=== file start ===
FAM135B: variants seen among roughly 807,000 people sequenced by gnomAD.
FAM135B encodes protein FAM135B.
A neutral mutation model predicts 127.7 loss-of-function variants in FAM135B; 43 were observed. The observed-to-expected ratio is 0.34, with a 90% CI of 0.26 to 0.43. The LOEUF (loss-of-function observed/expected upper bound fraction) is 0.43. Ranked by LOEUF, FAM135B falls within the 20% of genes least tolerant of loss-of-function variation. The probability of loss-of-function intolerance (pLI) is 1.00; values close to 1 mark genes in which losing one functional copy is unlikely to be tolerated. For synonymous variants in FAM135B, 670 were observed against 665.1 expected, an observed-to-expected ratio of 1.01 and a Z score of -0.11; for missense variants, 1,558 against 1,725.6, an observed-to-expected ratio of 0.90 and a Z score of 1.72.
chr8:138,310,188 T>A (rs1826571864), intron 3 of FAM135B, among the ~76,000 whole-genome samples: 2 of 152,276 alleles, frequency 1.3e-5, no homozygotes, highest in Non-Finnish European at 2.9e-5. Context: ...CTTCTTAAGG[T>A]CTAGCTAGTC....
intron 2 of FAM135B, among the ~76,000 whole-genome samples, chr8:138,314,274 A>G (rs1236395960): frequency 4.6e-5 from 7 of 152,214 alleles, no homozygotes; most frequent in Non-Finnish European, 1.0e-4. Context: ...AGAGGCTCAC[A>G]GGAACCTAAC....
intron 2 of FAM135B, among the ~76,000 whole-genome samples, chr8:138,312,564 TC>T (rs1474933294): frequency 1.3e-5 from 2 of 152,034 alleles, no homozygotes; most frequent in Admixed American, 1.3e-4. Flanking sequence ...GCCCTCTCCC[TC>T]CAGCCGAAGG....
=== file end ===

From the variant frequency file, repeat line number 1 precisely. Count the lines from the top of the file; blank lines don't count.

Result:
FAM135B: variants seen among roughly 807,000 people sequenced by gnomAD.